West Ham’s January transfer window is an example of yet another failure at the hands of the club’s owners, leaving the team with only one main striker

West Ham’s everlasting hunt for a forward ended miserably on Monday, failing to bring in anyone for that position before the January transfer window slammed shut at 11pm.

The only positive that came from this transfer window, was the arrival of Manchester United’s Jesse Lingard on a short-term loan deal. He has already shown that he will add creativity and flair to the team by scoring twice on his Hammers debut, but we still lack squad depth going into the second half of the season.

Throughout the whole month, the Hammers were linked with striker after striker but no deal ever materialised. Our failure to bring someone into the squad could now jeopardise our excellent start to the season.

We sold our back-up striker, Sebastien Haller, to Ajax for £20m last month and since then have failed to replace him.

We now have only one major striker, Michail Antonio, who has been struggling with hamstring issues over the past couple of seasons.

While youth academy prospect Mipo Odubeko (18) and Andriy Yarmolenko can fill in, we needed another out and out striker so that we can be completely covered if we were dealt with any injury blows. But our owners failed to deliver.

Another GSB failure

January’s transfer window nightmare showcased our board’s inability to land our top transfer targets. David Gold, David Sullivan and Karen Brady (GSB) highlighted again this month their lack of ambition for this club, especially in the transfer market.

Understandably in this current situation it is harder than usual, being in the midst of a global pandemic. David Moyes also didn’t want to repeat the same mistakes made previously, by signing a player that isn’t right for the club.

However, we only needed to secure a short-term loan deal to provide back up to an injury-prone Antonio. The difference between us and many other teams in the Premier League, is that we couldn’t get players to put pen-to-paper.

Liverpool signed two centre backs in one day because they needed reinforcements for that position. Everton and Southampton brought in strikers to assist with goals and even West Brom recruited better than us, strengthening positions that were weak.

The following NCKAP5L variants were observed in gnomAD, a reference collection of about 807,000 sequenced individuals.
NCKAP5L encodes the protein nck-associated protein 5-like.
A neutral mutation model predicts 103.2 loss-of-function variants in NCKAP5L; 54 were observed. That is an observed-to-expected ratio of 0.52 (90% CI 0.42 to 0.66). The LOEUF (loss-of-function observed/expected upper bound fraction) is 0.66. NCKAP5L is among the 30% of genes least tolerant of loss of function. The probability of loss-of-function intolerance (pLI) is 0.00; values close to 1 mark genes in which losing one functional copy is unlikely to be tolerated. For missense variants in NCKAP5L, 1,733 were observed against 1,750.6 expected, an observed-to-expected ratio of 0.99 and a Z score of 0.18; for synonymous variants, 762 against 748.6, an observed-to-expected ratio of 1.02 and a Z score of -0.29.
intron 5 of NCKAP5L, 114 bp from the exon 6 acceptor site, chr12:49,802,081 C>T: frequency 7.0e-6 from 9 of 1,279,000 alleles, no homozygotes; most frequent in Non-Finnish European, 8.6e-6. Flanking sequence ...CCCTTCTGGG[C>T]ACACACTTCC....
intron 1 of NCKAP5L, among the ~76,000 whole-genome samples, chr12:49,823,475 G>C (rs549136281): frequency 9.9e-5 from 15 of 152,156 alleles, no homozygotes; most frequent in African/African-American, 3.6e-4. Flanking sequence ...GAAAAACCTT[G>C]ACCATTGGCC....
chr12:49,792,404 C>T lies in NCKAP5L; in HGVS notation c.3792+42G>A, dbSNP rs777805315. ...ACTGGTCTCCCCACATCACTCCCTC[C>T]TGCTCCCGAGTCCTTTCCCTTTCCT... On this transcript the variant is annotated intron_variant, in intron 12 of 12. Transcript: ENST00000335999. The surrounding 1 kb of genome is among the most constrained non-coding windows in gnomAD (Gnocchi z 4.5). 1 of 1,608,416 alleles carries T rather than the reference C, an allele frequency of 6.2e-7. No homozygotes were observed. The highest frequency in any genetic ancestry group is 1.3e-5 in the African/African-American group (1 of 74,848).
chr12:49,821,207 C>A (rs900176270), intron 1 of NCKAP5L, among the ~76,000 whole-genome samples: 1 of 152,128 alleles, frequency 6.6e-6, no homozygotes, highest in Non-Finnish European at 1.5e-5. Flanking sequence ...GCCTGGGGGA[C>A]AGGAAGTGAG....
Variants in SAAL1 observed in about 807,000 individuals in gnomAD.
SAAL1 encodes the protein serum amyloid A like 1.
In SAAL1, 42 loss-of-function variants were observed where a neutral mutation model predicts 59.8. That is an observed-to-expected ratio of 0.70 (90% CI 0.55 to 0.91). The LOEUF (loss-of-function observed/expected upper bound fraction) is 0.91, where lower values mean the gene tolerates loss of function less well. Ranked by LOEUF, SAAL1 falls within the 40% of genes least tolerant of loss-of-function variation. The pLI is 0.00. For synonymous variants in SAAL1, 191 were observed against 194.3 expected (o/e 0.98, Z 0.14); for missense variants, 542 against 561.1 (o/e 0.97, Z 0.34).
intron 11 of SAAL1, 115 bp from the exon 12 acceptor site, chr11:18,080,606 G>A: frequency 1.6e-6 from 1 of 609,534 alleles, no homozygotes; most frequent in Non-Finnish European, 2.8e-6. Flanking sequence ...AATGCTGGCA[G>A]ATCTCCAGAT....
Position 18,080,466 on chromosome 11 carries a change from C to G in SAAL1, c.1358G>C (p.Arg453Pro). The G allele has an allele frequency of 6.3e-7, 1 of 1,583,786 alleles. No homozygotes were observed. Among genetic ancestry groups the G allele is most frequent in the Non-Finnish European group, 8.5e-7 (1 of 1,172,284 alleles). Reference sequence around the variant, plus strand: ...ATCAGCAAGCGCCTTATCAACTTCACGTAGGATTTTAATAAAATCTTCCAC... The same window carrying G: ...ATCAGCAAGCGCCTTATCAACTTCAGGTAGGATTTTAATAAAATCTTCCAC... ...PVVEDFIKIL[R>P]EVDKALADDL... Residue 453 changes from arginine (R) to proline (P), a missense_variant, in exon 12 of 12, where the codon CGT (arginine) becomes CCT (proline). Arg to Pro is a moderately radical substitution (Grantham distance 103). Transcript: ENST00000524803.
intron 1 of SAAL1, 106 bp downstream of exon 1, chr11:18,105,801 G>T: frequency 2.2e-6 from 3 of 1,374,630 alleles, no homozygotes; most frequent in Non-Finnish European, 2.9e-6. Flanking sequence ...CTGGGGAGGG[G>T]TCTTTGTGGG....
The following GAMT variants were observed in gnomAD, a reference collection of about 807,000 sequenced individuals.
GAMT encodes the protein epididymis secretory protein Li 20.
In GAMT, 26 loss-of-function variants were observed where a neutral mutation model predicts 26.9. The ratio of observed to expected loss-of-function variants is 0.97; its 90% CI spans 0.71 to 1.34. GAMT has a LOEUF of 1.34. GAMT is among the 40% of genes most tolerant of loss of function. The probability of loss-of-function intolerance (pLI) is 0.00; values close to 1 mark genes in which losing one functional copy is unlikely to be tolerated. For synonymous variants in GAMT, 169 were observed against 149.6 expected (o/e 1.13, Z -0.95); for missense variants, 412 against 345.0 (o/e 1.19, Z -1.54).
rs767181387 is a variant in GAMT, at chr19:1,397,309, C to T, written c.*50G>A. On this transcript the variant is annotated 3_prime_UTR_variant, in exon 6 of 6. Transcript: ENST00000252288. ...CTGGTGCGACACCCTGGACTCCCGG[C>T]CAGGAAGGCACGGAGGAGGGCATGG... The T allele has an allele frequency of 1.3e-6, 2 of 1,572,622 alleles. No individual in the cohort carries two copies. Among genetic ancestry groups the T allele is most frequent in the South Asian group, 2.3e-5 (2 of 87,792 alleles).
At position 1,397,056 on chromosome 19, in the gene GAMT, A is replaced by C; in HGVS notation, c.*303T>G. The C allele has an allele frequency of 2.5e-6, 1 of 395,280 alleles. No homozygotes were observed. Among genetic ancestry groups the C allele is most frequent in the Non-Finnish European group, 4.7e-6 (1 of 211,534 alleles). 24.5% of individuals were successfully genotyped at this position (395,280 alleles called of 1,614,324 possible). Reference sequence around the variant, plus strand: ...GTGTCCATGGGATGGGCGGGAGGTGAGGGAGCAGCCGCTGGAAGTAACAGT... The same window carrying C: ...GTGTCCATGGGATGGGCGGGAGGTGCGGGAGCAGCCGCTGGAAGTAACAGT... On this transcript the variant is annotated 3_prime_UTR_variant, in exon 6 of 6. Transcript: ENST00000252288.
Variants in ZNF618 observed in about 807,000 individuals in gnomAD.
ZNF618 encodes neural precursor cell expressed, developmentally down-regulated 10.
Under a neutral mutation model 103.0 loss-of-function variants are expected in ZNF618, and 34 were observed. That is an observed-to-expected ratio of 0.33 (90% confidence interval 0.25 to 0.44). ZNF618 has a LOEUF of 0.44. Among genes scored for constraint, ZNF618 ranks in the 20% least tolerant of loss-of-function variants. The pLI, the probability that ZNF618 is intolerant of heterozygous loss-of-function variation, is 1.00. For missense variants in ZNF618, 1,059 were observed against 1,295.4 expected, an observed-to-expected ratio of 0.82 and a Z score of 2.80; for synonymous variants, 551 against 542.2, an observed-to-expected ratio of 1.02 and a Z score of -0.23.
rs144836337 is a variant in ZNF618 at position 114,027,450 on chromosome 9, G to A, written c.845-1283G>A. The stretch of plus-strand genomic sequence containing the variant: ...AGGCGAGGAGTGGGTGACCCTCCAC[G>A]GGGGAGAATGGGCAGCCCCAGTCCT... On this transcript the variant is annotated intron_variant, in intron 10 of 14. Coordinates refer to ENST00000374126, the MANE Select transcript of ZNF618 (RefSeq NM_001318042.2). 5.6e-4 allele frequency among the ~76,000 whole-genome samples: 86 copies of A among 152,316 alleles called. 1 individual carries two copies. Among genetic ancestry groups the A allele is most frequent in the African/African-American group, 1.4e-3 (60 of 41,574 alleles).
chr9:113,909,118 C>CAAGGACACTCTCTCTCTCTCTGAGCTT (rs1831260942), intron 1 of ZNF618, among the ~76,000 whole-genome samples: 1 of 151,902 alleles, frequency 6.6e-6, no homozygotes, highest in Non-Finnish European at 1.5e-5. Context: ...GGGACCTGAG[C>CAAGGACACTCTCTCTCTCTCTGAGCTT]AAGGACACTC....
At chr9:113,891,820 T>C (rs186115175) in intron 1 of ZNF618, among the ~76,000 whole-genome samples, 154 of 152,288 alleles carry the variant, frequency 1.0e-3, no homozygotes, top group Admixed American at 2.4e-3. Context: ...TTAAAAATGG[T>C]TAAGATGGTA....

Our failure to sign a striker proved how our ambition lacks in comparison to other clubs.

Broken pledges 

At the start of GSB’s reign as owners of West Ham, they outlined a 10-point pledge to fans as a promise that they would bring much-needed changes to the club.

Pledge number two on that list was to ‘sign new players’, something they failed to do in January – when we needed it most.

The pledge stated; ‘for too long, the focus has been on players leaving rather than arriving. We will strengthen in the right areas to ensure an exciting and balanced squad that is well placed to cope with the rigours of a Premier League season.’

Obviously this has not been met by the owners, and it once again highlights the board’s failure to deliver on promises made.

With two competitions still to play for, the FA Cup and the Premier League, our season could turn upside down if we are dealt with some bad luck and it is supposed to be the board’s job to make sure we are protected in case that happens.

We must invest in this squad in the summer, and strengthen positions upfront and in midfield. Otherwise we cannot build on the solid foundations that Moyes has built thus far and we would be wasting any potential that this team brings.